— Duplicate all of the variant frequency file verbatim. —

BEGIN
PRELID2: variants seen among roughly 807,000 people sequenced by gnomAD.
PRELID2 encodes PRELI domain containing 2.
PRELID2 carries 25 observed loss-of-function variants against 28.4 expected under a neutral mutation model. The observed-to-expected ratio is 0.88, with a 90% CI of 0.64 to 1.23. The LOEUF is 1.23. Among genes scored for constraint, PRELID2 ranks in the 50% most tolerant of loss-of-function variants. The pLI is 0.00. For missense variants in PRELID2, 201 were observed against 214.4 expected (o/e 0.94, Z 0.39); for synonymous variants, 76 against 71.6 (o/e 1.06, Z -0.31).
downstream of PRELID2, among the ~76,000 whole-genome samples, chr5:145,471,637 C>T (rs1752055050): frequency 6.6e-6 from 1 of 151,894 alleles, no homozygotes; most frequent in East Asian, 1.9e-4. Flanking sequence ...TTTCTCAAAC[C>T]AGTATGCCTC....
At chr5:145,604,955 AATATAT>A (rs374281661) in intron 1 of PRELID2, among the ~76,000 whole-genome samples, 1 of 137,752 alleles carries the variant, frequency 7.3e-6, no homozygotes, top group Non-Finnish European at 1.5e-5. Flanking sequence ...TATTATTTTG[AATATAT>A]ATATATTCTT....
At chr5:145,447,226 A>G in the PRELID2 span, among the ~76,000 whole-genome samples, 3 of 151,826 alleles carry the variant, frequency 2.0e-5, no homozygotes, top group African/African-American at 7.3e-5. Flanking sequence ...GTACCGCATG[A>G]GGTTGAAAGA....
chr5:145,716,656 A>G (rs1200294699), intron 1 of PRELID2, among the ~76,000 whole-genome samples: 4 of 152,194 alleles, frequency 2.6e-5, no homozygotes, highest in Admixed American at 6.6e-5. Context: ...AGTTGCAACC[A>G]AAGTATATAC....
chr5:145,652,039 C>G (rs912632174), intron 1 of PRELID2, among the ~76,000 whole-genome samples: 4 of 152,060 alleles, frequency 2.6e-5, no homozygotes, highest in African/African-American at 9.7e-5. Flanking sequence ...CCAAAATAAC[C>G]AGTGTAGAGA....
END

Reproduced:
PRELID2: variants seen among roughly 807,000 people sequenced by gnomAD.
PRELID2 encodes PRELI domain containing 2.
PRELID2 carries 25 observed loss-of-function variants against 28.4 expected under a neutral mutation model. The observed-to-expected ratio is 0.88, with a 90% CI of 0.64 to 1.23. The LOEUF is 1.23. Among genes scored for constraint, PRELID2 ranks in the 50% most tolerant of loss-of-function variants. The pLI is 0.00. For missense variants in PRELID2, 201 were observed against 214.4 expected (o/e 0.94, Z 0.39); for synonymous variants, 76 against 71.6 (o/e 1.06, Z -0.31).
downstream of PRELID2, among the ~76,000 whole-genome samples, chr5:145,471,637 C>T (rs1752055050): frequency 6.6e-6 from 1 of 151,894 alleles, no homozygotes; most frequent in East Asian, 1.9e-4. Flanking sequence ...TTTCTCAAAC[C>T]AGTATGCCTC....
At chr5:145,604,955 AATATAT>A (rs374281661) in intron 1 of PRELID2, among the ~76,000 whole-genome samples, 1 of 137,752 alleles carries the variant, frequency 7.3e-6, no homozygotes, top group Non-Finnish European at 1.5e-5. Flanking sequence ...TATTATTTTG[AATATAT>A]ATATATTCTT....
At chr5:145,447,226 A>G in the PRELID2 span, among the ~76,000 whole-genome samples, 3 of 151,826 alleles carry the variant, frequency 2.0e-5, no homozygotes, top group African/African-American at 7.3e-5. Flanking sequence ...GTACCGCATG[A>G]GGTTGAAAGA....
chr5:145,716,656 A>G (rs1200294699), intron 1 of PRELID2, among the ~76,000 whole-genome samples: 4 of 152,194 alleles, frequency 2.6e-5, no homozygotes, highest in Admixed American at 6.6e-5. Context: ...AGTTGCAACC[A>G]AAGTATATAC....
chr5:145,652,039 C>G (rs912632174), intron 1 of PRELID2, among the ~76,000 whole-genome samples: 4 of 152,060 alleles, frequency 2.6e-5, no homozygotes, highest in African/African-American at 9.7e-5. Flanking sequence ...CCAAAATAAC[C>G]AGTGTAGAGA....